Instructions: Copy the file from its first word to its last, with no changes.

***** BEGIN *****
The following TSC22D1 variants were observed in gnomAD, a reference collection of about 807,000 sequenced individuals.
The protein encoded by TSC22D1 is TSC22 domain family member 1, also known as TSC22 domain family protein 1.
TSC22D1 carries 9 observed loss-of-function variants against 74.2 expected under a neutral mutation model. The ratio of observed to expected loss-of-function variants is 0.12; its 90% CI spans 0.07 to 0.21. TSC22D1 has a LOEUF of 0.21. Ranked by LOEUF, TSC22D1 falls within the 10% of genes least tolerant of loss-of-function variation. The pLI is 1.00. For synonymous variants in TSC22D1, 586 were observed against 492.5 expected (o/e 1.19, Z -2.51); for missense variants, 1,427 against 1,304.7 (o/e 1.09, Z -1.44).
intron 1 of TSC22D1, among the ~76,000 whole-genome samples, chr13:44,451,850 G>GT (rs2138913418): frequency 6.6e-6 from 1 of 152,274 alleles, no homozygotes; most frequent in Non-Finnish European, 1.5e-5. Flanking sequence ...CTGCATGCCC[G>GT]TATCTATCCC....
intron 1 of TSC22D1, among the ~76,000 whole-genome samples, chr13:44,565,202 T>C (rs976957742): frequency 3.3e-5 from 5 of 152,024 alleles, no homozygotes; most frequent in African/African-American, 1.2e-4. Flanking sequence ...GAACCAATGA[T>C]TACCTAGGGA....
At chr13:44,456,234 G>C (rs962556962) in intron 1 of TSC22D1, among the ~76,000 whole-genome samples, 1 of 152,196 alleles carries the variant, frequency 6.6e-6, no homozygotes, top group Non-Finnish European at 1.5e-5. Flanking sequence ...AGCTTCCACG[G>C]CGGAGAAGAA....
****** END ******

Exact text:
The following TSC22D1 variants were observed in gnomAD, a reference collection of about 807,000 sequenced individuals.
The protein encoded by TSC22D1 is TSC22 domain family member 1, also known as TSC22 domain family protein 1.
TSC22D1 carries 9 observed loss-of-function variants against 74.2 expected under a neutral mutation model. The ratio of observed to expected loss-of-function variants is 0.12; its 90% CI spans 0.07 to 0.21. TSC22D1 has a LOEUF of 0.21. Ranked by LOEUF, TSC22D1 falls within the 10% of genes least tolerant of loss-of-function variation. The pLI is 1.00. For synonymous variants in TSC22D1, 586 were observed against 492.5 expected (o/e 1.19, Z -2.51); for missense variants, 1,427 against 1,304.7 (o/e 1.09, Z -1.44).
intron 1 of TSC22D1, among the ~76,000 whole-genome samples, chr13:44,451,850 G>GT (rs2138913418): frequency 6.6e-6 from 1 of 152,274 alleles, no homozygotes; most frequent in Non-Finnish European, 1.5e-5. Flanking sequence ...CTGCATGCCC[G>GT]TATCTATCCC....
intron 1 of TSC22D1, among the ~76,000 whole-genome samples, chr13:44,565,202 T>C (rs976957742): frequency 3.3e-5 from 5 of 152,024 alleles, no homozygotes; most frequent in African/African-American, 1.2e-4. Flanking sequence ...GAACCAATGA[T>C]TACCTAGGGA....
At chr13:44,456,234 G>C (rs962556962) in intron 1 of TSC22D1, among the ~76,000 whole-genome samples, 1 of 152,196 alleles carries the variant, frequency 6.6e-6, no homozygotes, top group Non-Finnish European at 1.5e-5. Flanking sequence ...AGCTTCCACG[G>C]CGGAGAAGAA....